In February 1998, King Hassan II received the Royal Palace in Rabat, the leader of the Socialist Union of Popular Forces, Abdul Rahman Al-Yousifi, and appointed him as Prime Minister (Prime Minister). Of them constantly, but we are all heading towards a stage that requires a lot of effort and effort in order to push our country forward. "

From that moment, Al-Yousifi and his party moved from the opposition to the government, and decades of conflict between this left-wing party and the Moroccan regime ended, and what is called in Morocco began with the experiment of consensual alternation or political transition.

After his retirement from politics sixteen years ago, Al-Yousifi left silence and avoided the media, until he got off the horses of life on Friday at the age of 96.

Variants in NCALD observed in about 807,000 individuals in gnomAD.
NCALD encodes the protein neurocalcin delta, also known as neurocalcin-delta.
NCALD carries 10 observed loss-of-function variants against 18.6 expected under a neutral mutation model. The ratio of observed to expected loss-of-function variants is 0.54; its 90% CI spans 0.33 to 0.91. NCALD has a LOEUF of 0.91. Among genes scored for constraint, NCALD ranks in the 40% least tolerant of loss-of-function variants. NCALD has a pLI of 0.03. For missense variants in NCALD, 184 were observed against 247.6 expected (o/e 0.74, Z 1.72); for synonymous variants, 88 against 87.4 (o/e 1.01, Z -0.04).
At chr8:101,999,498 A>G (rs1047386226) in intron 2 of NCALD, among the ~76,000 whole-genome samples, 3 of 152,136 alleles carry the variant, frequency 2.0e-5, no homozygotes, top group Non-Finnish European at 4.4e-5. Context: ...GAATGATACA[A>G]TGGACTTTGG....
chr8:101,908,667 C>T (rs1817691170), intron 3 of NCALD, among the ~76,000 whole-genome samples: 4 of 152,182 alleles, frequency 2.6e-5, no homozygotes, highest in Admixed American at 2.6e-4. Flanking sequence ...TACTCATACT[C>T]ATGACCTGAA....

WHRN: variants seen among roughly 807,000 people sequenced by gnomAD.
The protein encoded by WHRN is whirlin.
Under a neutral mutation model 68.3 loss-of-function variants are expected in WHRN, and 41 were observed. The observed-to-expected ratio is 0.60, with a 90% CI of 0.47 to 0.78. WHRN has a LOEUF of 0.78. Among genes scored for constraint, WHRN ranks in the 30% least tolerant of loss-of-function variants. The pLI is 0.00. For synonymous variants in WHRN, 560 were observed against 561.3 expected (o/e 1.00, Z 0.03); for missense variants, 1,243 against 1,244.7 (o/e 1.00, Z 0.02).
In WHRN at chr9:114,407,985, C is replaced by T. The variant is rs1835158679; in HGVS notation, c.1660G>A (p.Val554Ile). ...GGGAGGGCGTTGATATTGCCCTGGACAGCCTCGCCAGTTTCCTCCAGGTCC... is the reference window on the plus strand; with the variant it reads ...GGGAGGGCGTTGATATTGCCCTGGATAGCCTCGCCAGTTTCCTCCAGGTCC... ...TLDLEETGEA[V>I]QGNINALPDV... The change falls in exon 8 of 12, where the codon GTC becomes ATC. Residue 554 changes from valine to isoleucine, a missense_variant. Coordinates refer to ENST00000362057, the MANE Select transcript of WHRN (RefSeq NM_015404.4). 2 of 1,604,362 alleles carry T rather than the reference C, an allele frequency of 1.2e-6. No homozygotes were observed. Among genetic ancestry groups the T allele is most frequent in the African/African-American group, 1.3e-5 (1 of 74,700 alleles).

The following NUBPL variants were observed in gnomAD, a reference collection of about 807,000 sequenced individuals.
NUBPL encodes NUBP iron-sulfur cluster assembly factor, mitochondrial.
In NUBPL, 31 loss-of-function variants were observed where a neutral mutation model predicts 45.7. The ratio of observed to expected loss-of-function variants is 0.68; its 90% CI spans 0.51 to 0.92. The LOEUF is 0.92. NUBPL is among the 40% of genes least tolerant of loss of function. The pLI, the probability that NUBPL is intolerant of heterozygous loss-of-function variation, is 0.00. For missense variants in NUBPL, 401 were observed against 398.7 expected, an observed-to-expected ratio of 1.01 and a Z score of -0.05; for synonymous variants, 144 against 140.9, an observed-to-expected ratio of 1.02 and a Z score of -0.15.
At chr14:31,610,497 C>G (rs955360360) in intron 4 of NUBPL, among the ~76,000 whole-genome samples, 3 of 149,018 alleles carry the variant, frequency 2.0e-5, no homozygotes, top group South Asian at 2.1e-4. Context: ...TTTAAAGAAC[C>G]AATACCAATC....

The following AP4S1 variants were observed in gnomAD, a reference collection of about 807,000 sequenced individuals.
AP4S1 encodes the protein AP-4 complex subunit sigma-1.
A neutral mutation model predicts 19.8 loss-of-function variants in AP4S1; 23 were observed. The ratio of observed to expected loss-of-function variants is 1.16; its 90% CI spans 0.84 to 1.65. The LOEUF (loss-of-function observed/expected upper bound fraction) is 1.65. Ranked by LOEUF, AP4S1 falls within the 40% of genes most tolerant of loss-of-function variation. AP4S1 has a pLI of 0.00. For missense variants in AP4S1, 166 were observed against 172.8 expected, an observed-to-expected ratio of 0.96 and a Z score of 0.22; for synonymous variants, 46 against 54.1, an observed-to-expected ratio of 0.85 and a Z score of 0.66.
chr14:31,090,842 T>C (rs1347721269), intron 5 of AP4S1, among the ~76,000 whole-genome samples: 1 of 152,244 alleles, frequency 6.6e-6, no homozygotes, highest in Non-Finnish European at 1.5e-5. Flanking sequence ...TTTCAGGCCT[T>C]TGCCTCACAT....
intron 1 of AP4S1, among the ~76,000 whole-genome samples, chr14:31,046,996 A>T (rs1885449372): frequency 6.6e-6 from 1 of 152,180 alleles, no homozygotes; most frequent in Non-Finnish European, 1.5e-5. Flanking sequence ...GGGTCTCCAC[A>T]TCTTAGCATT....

Al-Yousifi (Yemeni) with author of his memoirs, Mubarak Bouderga (Al-Jazeera)

Virtual funeral

Quarantine conditions due to the spread of the Corona epidemic prevented Moroccans from depositing one of the country's most important politicians, the leader of consensual rotation and statesman as described by the Moroccan press. They compensated for this with posts and tweets on social media, mourning the late and recalling his positions in a virtual mass funeral procession in which various political parties, NGOs and unions participated.

At a funeral attended by a few close associates amid tight security, Abd al-Rahman al-Yousifi was buried in the Martyrs Cemetery in Casablanca near the grave of the late Abdullah Ibrahim, a symbol of the national movement and the third prime minister in Morocco after independence.